Does all this remind you True Detective fans of anyone? I ask because Ligotti’s thinking, set out in his scariest tome, a non-fiction work cheerfully titled The Conspiracy Against the Humanity, is pretty much the dummies’ guide to Rust Cohle and the corrupt world he finds himself in. That said, Ligotti’s prose — The Nightmare Factory included — confronts the reader with the same stuff just with a fantastical bent: reality peeling back to reveal the evil of the human condition, hideous conspiracies, all against a backdrop of a world in decline.
If that doesn’t describe True Detective’s set-up then I don’t know what does.
Story by Alan Moore
Artwork by Eddie Campbell Eddie Campbell
Published by Top Shelf Productions
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Perhaps Moore and Campbell’s finest work, From Hell is less a detective story than an effort to unpick the weave of myth and history. Equal parts an unflinching commentary on Victorian England (spoilers: it totally sucked), a police procedural and a metaphysical treatise, it’s a heady book, giddying in its scope and seamless in its execution.
We could talk all day about the formal ties between True Detective and From Hell. Both are concerned with the nature of stories and storytelling, both use fractured time as a narrative device, both are centered on powerful conspiracies and the hunts for the killers who lurk at their hearts. But perhaps the strongest point of convergence is to be found in Moore and Pizzolatto’s villains and their crimes.
As most readers will already know, The King in Yellow is an anthology of short stories by American writer Robert W. Chambers, four of which are connected by references to a madness-inducing play called The King in Yellow, and a malevolent supernatural entity of the same name. Elements from the book, including the eponymous king, the cursed land(?) of Carcosa and the Yellow Sign would later be appropriated by the godfather of pessimist horror H.P Lovecraft and incorporated into his Cthulhu Mythos, a cabal of unknowable powers from beyond space and time intent on humanity’s annihilation. The key words here being “beyond space and time.”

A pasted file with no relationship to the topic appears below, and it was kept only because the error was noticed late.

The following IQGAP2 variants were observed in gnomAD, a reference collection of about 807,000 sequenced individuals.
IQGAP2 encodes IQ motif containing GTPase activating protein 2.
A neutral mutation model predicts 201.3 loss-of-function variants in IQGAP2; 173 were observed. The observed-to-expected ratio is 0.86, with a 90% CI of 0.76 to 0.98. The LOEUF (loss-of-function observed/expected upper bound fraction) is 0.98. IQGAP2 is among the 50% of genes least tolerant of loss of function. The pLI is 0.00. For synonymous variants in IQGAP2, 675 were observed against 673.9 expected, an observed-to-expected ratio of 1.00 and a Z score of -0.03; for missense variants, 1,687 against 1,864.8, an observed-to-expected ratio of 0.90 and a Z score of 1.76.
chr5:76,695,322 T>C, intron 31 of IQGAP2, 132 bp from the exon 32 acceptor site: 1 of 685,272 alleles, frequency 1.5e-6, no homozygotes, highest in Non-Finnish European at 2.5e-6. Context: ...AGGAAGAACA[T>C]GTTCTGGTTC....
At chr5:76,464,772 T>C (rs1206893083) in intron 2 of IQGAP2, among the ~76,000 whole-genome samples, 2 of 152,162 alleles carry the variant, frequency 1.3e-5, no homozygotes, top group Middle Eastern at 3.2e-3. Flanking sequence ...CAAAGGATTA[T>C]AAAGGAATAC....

It’s like in this universe, we process time linearly forward but outside of our space-time, from what would be a fourth-dimensional perspective, time wouldn’t exist, and from that vantage, could we attain it we’d see our space-time would look flattened, like a single sculpture with matter in a superposition of every place it ever occupied…
Like True Detective, From Hell puts forward the pop-physics notion that time and space can be conceived of as a unity, observable in its entirety from a higher dimensional perspective. Rust calls this hyper-structure a “flat disc,” From Hell circles around the concept of the “fourth dimension.” There’s a whole thing here about hyper-objects as metaphors for comic books and TV shows, two-dimensional fictions navigable by three-dimensional beings which I assure you Moore and Pizzolatto are well aware of. This is also the moment to zero in on how both fictions ask hard questions about the nature of story. On the one hand we have Moore’s Jack the Ripper staring out of the page at us, testing the boundaries of his own comic; on the other we have Rust’s Cohle, mister walking, talking auto-critique, who throws the stories that make up True Detective’s world into cold, harsh light.
But back to True Detective’s killer, Errol Childress. What does all this have to do with him? To answer that question we need to take a closer look at Jack and his grisly efforts to straddle the fourth dimension through the blood sacrifice of London’s dispossessed women. In many ways this is a stock genre trope, the serial killer hoping to be transformed by the act of killing. See everything Thomas Harris has ever written, from the Tooth Fairy’s desire to metamorphose into William Blake’s Red Dragon to Buffalo Bill’s misguided approach to gender reassignment in The Silence of the Lambs. What’s different here is that Moore’s Ripper actually succeeds. He literally ascends to a weird vantage point from which he can see across time.